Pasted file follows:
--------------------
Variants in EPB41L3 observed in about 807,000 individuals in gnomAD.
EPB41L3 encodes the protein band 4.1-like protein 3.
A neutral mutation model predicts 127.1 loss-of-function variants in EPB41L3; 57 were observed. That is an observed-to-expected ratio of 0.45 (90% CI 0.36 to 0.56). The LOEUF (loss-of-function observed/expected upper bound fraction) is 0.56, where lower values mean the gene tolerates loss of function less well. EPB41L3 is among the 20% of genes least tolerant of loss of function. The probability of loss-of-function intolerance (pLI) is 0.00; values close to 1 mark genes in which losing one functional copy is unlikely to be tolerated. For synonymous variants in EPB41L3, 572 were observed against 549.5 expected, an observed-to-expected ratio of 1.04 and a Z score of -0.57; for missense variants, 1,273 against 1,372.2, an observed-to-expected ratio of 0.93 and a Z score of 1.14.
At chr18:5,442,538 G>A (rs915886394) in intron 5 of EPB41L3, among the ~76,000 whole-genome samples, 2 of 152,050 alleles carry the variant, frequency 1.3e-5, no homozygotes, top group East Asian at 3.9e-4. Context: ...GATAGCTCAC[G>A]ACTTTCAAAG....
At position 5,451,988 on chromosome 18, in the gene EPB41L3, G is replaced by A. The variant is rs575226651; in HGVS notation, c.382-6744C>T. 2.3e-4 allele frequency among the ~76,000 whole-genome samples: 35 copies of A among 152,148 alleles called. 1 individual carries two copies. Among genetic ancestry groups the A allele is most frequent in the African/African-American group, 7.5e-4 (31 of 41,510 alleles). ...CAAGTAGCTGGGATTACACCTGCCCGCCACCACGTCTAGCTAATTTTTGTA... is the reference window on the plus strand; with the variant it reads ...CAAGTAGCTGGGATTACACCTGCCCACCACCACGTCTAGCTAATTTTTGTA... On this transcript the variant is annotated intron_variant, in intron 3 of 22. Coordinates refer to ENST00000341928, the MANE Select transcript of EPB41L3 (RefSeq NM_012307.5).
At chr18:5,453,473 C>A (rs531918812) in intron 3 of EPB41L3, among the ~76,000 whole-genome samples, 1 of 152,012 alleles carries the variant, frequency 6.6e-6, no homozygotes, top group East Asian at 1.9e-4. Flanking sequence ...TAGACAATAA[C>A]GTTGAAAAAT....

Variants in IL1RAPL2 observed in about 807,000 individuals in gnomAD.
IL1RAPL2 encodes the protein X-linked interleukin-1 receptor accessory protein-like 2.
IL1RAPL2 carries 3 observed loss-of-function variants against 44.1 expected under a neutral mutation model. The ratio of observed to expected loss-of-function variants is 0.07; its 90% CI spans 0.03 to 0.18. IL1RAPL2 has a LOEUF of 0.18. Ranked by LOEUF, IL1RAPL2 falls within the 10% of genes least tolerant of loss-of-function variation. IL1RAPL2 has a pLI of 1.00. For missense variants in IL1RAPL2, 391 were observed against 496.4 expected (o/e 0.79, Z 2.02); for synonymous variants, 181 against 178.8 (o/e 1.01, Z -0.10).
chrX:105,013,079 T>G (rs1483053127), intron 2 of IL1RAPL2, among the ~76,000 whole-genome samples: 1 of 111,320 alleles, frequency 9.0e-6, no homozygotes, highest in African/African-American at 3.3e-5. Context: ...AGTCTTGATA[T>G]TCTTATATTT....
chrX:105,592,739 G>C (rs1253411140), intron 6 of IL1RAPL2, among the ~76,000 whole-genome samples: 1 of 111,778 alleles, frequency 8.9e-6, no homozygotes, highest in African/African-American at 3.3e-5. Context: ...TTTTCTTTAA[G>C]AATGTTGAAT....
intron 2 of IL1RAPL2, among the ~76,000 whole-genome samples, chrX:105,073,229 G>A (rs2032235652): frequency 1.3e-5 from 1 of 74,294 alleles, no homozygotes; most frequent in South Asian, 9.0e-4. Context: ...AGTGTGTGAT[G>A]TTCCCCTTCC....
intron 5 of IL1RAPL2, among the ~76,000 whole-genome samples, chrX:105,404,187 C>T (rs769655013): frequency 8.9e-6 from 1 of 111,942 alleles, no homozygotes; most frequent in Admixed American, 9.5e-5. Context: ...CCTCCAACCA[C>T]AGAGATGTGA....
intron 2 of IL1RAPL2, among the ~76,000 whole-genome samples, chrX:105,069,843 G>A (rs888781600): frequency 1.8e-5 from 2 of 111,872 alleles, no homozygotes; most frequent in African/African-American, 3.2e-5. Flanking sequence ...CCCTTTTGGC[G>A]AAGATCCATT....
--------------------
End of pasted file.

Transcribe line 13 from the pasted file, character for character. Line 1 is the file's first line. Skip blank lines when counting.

intron 5 of IL1RAPL2, among the ~76,000 whole-genome samples, chrX:105,404,187 C>T (rs769655013): frequency 8.9e-6 from 1 of 111,942 alleles, no homozygotes; most frequent in Admixed American, 9.5e-5. Context: ...CCTCCAACCA[C>T]AGAGATGTGA....